• Drowsiness
  • Coma
  • Decreased respiration
  • Nausea
  • Unconsciousness
  • Constipation
  • Sedation
  • Pain relief

The feeling of calm and numbness that results from the use of opioids may give a person a sense of a ‘rush.’ This initial high can be described as pleasant, while the subsequent crash might make a person feel sick and unwell. This stark contrast between the feelings of being on opioids and off of them ultimately drives individuals to keep taking the drug. In the long run, opioids can cause some if not all of the following long-term effects:

  • Restlessness
  • Insomnia
  • Pain
  • Cold flashes
  • Psychosis
  • Paranoia
  • Increased tolerance
  • Diarrhea
  • Anxiety

Note that this is not an all-inclusive list and that some people might react differently to the long-term use of opioids. What’s common, however, is an increased tolerance for the substance. With frequent use of opioids, the body becomes accustomed to the presence of the drug. So much so that it becomes difficult to function without a dose. While the high might make a person feel relieved and comfortable, the absence of the drug is the exact opposite, fueling the urge to restore the pleasant experience with another dose.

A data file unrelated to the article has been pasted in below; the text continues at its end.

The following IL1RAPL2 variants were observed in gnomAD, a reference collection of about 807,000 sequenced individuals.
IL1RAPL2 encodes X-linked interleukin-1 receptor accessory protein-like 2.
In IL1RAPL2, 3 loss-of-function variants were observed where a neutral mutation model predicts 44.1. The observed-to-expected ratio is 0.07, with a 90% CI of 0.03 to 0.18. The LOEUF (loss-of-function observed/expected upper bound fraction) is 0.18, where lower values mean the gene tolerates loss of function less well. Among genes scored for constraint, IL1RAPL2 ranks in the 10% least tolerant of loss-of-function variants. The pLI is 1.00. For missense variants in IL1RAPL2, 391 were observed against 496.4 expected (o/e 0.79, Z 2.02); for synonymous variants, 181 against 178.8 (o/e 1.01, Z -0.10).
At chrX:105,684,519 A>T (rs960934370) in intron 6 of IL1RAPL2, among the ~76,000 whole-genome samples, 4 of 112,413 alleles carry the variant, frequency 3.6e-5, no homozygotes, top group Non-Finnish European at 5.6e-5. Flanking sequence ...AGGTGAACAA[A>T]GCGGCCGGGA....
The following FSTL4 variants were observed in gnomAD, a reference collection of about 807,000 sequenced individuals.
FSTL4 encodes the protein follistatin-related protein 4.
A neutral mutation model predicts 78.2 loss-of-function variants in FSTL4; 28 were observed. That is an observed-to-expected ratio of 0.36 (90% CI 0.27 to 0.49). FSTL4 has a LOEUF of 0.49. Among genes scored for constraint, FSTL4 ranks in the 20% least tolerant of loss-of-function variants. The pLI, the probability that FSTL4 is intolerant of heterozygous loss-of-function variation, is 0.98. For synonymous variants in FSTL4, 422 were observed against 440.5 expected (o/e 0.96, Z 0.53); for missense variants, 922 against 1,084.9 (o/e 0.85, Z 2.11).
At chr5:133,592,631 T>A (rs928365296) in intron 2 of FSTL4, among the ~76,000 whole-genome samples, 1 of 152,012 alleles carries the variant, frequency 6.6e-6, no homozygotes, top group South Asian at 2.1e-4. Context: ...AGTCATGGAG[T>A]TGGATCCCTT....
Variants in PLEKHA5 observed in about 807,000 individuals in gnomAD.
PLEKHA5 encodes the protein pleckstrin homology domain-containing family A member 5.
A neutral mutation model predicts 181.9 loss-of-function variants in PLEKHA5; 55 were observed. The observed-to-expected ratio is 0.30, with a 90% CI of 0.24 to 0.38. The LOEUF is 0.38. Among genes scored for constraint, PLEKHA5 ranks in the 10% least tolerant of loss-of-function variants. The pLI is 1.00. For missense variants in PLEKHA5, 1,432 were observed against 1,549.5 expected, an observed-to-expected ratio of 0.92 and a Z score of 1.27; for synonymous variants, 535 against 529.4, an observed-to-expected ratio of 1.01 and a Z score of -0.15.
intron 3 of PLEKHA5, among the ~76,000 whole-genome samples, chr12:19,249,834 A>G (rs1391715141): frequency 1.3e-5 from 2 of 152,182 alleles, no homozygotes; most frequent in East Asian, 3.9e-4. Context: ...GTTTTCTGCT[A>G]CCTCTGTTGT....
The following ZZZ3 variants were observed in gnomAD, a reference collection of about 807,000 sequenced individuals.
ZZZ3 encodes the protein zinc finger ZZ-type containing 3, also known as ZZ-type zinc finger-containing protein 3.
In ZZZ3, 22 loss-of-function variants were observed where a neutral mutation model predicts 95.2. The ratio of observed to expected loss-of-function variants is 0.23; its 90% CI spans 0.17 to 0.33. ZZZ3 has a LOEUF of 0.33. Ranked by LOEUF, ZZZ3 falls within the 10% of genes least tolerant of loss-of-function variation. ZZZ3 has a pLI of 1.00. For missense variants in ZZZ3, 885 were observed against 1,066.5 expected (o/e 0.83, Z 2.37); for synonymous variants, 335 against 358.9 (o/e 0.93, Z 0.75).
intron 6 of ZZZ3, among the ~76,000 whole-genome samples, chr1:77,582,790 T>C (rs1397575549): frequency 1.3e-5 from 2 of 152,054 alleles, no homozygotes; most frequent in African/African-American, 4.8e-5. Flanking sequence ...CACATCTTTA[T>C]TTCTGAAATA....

But as with most addictive substances, opioids become less effective over time. As your body adjusts to your usual intake, the feelings of relief are no longer as pronounced. This forces many abusers to heighten their dose to chase the potency of those first few doses. With time, constant increases may lead to an overdose. Most who abuse opioids will be so fixated on securing their next dose that they fail to fulfill many of their everyday responsibilities and work. Though fueled by their need for a fix, many will even delve into illegal activities like theft and fraud to guarantee their next dose.